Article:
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Up and coming developer

Review: Alawishus Pixel

by May 1, 2012

Alawishus Pixel is a puzzle platformer that has you going deeper inside a mysterious cavern, room by room, to find out what happened to an unknown explorer.

The game opens up with your character entering this giant cave and then finding a sign, by pressing Y you read that someone else has ventured into the maw of this cavern and it’s up to you to save them. The first few rooms are practice rooms that allow you to become familiar with the controls. The player gets his directions from signs that are posted in each room. The signs are quite well written and break the fourth wall numerous times.

The controls are very basic, Y is to read anything in the game while A is to jump and X is to run. The B button is pressed to restart whatever room you’re currently in and for me this is the first thing that grabbed me as a very clever design. Early in the game I accidentally pressed the button quickly and the screen fizzled for a second them went back to normal. In Alawishus Pixel you need to press and hold the B button to restart a room. When holding the button you’ll see the room fizzle and finally disappear. I love this design because it allows a user to accidentally press a button for whatever reason and not be penalized for it.

The creator of this game took a lot of time to make sure the controls were spot on…

The other controls in the game are done very well. Alawishus has just the right amount of heft to him when you move about and the jump is perfect when it comes to timing and control. The creator of this game took a lot of time to make sure the controls were spot on and this is the kind of care I appreciate in any sort of game let alone a puzzle platformer.

The controls are so good that I was a little sad that each level of the game is only one room. The controls are so well done that I wouldn’t mind an entire level of traversing a world with these controls. As it stands, each room is a level and your objective is to escape the room with whatever is in the room. The idea is to move and manipulate objects so that you’re able to make it to the next door and farther into the cavern.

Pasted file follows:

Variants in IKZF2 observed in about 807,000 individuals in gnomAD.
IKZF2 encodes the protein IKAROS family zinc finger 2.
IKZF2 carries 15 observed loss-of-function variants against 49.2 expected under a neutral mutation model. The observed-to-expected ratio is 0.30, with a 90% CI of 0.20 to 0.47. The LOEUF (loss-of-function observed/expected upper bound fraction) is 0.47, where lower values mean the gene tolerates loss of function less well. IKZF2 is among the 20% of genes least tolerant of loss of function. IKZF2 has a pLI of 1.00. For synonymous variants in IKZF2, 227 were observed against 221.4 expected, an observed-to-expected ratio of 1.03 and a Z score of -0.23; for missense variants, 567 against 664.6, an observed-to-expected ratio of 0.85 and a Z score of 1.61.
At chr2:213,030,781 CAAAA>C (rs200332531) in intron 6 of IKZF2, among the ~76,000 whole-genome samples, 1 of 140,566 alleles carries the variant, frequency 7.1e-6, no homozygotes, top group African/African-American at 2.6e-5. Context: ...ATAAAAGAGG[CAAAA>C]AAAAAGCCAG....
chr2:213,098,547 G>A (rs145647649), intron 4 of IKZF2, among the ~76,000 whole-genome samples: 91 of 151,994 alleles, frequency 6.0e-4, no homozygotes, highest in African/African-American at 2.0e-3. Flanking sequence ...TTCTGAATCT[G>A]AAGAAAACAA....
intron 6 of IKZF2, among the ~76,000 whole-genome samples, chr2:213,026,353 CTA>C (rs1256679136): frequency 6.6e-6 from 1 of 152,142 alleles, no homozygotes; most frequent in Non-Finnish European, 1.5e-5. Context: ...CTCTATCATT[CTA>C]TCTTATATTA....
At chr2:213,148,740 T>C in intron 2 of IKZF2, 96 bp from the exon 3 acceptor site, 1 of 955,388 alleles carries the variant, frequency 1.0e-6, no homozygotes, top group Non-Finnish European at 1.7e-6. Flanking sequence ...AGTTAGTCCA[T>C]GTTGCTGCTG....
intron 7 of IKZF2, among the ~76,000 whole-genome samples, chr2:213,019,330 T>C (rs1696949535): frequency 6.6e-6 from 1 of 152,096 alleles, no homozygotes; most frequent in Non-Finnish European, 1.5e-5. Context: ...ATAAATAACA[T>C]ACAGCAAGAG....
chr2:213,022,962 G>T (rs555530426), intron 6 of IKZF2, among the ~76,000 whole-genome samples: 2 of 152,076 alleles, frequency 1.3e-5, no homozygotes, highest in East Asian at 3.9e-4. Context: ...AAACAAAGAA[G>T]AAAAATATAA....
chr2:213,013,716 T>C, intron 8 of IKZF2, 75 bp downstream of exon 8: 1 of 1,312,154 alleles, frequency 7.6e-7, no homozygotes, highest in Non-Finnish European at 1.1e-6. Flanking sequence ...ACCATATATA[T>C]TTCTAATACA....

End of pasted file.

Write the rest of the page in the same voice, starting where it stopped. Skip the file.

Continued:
The game’s story is very well done. You know there’s someone out there and they “talk” to you through the signs, there’s a compelling feeling that you want to clear the next room just to see what happened to him. There are rooms that don’t feature one of the signs that tells the story and that just makes you want to clear two rooms before you put the game down. As you complete more rooms trying to solve the mystery of the explorer you’ll uncover even greater surprises.

The sound is your basic fare and fits the genre nicely. It’s the basic sounds from all of the actions going on while you navigate each room.

The music is fantastic with a catchy upbeat melody that captures the essence of old school gaming.



Puzzles are challenging but not too hard

  • Quality platforming required in every level




  • If you’re too anxious some of the levels may be hard to complete and since each level is only one room there’s not much else to do while you figure it out


Everything about this game works. Sometimes an indie game comes off as a rough around the edges game but in the case of Alawishus Pixel everything is polished to a near flawless design. This is one of the shining examples of the great games that are available in the XBOX Live Indie Game section. For 80 Microsoft points it’s at a price point that everyone can reach and everyone should take the time to play it.

This review was based on the Xbox 360 version that was provided by the reviewer.

Release Date

June, 16, 2010

Digital or Retail



XBOX 360


Frog The Door Games


Frog The Door Games

AwardsUp and coming developer

Interesting story, great controls, fantastic music



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Jason Moquin
Oh this is where I get to say something about myself like I was captain of the debate team or that I was once king of Prussia. Well games, let's throw games in there, and I like sports, and comics, and animated things, mostly Japanese giant robots, oh and pasta, big fan of pasta. You know all shapes taste different? Each one has a distinctive bite and holds the sauce differently. A lot of people are like "PASTA IS PASTA" and I say "STOP YELLING AT ME".

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